In 2003, a Dutch company registered a European patent for teff-related products, claiming that they were “invented” by a certain Jans Roosjen, a senior company official. In recent years, Ethiopia complained that this was totally inaccurate — Ethiopians have been growing and eating teff for millennia, and the pending patent was preventing Ethiopian companies from properly exploiting a growing global market.

 

Finally however in 2019 and long overdue, Ethiopia is able to celebrate a major victory in a long-running dispute as to who owns the patent for products made from teff.

 

Teff is an ancient grain that forms the basis of Ethiopia’s staple food, injera and it is gluten-free and rich in nutrients touted as a major health food following in the footsteps of quinoa.

 

A Dutch court ruled that as the patent contained no ‘inventiveness’, it was therefore null and void. Fitsum Arega, Commissioner of the Ethiopian Investment Commission stated that he had looked into defending the Teff patent issue and confirmed this ruling. “ I just learned that The Court of The Hague ruled against the Teff patent holder. This is great news,” he said. “I hope we can learn from this that our national assets must be protected by Ethiopians and friends of Ethiopia” he added.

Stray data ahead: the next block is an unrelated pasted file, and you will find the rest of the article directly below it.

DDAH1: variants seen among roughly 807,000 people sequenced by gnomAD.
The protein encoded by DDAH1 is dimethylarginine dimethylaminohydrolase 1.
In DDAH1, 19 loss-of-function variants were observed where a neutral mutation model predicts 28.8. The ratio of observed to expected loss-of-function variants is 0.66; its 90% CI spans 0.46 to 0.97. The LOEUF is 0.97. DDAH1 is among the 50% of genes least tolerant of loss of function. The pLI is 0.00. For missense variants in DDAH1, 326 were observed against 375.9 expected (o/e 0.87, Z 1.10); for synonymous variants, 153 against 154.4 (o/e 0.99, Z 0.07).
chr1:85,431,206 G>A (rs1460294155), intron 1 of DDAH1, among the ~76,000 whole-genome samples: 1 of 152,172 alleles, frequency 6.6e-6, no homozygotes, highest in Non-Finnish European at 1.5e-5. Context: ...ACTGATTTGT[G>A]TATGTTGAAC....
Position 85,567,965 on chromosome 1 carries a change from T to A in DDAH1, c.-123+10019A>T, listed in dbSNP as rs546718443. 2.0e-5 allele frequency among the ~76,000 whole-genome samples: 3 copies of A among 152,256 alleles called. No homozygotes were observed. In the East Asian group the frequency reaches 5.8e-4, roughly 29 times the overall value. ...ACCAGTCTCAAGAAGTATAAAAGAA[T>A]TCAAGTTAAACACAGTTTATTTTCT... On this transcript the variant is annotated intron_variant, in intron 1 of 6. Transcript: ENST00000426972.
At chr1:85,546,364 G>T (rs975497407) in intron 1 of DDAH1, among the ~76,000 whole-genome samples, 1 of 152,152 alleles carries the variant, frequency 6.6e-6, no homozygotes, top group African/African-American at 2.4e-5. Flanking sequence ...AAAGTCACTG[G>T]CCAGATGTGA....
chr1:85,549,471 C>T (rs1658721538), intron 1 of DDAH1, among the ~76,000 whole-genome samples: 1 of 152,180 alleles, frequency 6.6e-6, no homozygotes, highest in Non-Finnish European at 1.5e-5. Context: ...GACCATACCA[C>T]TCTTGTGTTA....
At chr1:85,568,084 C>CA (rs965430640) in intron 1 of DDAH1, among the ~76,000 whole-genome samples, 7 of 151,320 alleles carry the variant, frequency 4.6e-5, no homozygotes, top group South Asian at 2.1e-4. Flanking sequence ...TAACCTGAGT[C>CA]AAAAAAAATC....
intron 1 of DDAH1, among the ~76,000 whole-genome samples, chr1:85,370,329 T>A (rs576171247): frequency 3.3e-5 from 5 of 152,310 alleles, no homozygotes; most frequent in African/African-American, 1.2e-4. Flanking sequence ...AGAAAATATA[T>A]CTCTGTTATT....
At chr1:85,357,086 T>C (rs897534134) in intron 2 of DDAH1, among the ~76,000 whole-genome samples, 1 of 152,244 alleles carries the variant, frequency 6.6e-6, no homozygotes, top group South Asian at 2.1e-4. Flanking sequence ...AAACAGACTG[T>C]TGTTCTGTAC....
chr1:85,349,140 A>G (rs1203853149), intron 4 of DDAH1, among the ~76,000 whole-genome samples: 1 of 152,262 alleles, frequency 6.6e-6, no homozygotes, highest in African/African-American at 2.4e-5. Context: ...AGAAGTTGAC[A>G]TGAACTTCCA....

Teff is primarily used as the basis of  ‘injera’ and it is widely regarded as part of Ethiopia’s culinary and cultural heritage.

For centuries, millions of Ethiopian farmers have depended on cultivating the indigenous grain of teff. Ethiopia has a factory that turns teff into flour for export. Teff is also processed into flour and used for bread, biscuits and pizza. Because Teff is gluten free and rich in nutrients these attributes have made it an attractive commodity for the west.

 

Photos by Arabella Stewart